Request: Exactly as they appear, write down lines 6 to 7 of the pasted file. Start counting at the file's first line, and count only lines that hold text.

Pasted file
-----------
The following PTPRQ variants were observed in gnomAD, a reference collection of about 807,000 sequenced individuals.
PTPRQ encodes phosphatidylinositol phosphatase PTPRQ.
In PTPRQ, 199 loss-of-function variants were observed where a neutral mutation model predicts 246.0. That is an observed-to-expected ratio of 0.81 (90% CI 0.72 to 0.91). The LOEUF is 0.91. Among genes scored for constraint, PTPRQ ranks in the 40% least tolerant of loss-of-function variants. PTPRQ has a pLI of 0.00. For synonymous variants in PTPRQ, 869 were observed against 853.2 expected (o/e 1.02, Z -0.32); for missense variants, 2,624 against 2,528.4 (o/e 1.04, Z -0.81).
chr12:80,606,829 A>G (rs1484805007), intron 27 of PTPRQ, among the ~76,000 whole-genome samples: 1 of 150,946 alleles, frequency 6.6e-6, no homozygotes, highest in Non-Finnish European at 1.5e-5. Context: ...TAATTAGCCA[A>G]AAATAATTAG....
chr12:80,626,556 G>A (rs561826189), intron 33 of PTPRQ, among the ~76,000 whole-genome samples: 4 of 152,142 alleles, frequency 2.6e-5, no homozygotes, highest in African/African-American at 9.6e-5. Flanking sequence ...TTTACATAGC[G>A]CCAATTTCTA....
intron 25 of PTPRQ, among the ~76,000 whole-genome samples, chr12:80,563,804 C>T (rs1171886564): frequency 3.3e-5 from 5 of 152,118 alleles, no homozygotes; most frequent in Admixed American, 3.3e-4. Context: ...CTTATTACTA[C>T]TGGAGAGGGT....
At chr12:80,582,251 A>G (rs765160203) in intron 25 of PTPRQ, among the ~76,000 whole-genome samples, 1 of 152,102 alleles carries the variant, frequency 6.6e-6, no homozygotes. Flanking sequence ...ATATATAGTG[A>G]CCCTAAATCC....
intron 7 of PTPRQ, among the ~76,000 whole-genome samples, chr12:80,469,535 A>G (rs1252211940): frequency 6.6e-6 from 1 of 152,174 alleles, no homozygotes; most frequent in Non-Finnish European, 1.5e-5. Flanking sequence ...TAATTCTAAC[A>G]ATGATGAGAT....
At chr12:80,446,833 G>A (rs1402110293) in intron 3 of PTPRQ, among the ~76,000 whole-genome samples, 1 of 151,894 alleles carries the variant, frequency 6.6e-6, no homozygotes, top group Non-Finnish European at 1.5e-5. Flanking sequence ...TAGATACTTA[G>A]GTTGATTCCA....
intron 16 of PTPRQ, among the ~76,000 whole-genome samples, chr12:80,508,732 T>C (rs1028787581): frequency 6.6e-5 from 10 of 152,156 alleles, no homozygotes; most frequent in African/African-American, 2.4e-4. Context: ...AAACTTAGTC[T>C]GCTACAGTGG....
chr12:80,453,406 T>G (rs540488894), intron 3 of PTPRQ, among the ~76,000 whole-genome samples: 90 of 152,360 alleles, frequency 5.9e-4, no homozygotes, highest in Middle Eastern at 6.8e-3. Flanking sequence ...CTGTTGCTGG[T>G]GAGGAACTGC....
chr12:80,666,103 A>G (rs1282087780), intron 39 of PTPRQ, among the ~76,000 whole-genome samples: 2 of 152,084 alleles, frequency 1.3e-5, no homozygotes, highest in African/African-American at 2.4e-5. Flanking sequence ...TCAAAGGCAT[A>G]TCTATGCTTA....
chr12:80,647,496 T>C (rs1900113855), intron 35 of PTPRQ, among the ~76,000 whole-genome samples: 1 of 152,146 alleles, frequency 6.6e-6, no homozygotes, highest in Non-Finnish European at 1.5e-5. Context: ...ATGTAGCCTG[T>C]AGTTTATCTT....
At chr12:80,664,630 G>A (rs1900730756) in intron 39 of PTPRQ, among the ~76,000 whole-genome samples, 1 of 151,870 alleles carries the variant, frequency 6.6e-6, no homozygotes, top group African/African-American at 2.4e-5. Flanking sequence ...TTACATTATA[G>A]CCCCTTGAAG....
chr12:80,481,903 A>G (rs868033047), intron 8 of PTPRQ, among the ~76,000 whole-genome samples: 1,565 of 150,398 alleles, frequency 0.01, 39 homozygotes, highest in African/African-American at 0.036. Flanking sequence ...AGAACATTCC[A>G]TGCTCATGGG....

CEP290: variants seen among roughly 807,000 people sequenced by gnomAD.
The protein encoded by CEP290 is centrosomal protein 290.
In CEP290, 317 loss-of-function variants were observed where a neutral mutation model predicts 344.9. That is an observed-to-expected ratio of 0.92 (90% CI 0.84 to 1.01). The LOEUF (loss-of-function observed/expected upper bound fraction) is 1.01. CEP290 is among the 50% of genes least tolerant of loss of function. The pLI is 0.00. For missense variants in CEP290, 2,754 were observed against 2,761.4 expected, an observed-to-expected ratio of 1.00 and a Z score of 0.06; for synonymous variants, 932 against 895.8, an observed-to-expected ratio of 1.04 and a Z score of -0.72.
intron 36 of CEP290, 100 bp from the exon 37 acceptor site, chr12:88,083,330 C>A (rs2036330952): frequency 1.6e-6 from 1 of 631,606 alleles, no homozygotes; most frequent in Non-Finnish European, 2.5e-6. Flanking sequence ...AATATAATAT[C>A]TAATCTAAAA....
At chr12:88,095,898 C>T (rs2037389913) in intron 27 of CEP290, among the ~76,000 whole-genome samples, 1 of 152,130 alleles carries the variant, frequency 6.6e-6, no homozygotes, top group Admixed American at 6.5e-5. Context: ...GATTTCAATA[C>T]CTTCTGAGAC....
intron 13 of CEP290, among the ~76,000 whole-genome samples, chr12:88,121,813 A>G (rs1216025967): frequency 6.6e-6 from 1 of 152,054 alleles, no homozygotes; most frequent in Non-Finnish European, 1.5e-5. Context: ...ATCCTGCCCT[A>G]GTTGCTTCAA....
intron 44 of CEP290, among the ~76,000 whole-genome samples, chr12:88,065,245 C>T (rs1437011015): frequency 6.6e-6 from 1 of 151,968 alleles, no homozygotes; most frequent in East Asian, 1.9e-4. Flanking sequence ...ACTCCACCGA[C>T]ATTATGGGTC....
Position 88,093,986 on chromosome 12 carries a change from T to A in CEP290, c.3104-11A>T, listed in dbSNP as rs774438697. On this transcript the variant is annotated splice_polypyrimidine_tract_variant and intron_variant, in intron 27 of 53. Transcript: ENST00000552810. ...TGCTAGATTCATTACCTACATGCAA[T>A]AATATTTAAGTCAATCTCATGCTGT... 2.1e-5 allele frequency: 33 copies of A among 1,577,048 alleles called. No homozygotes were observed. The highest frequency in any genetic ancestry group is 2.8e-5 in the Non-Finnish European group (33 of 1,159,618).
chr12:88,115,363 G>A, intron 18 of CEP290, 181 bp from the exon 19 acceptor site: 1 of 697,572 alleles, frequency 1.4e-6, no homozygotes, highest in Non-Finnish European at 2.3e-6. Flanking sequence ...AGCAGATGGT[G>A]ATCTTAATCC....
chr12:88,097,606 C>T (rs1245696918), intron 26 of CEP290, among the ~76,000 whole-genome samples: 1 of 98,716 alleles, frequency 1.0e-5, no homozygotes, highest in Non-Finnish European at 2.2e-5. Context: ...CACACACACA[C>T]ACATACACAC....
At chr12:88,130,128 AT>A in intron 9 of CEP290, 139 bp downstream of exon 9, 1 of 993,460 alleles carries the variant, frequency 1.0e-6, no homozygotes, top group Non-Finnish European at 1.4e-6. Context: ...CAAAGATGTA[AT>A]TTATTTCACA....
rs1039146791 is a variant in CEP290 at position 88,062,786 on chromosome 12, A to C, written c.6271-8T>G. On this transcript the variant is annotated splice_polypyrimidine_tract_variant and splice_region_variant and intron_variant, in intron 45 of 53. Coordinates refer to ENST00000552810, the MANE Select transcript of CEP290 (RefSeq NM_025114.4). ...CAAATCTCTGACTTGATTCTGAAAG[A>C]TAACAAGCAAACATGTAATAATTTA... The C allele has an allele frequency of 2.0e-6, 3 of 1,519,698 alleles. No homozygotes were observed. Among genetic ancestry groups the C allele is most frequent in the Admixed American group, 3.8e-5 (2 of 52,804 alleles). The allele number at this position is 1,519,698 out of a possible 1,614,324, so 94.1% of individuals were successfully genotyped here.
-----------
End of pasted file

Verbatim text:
intron 25 of PTPRQ, among the ~76,000 whole-genome samples, chr12:80,563,804 C>T (rs1171886564): frequency 3.3e-5 from 5 of 152,118 alleles, no homozygotes; most frequent in Admixed American, 3.3e-4. Context: ...CTTATTACTA[C>T]TGGAGAGGGT....
At chr12:80,582,251 A>G (rs765160203) in intron 25 of PTPRQ, among the ~76,000 whole-genome samples, 1 of 152,102 alleles carries the variant, frequency 6.6e-6, no homozygotes. Flanking sequence ...ATATATAGTG[A>G]CCCTAAATCC....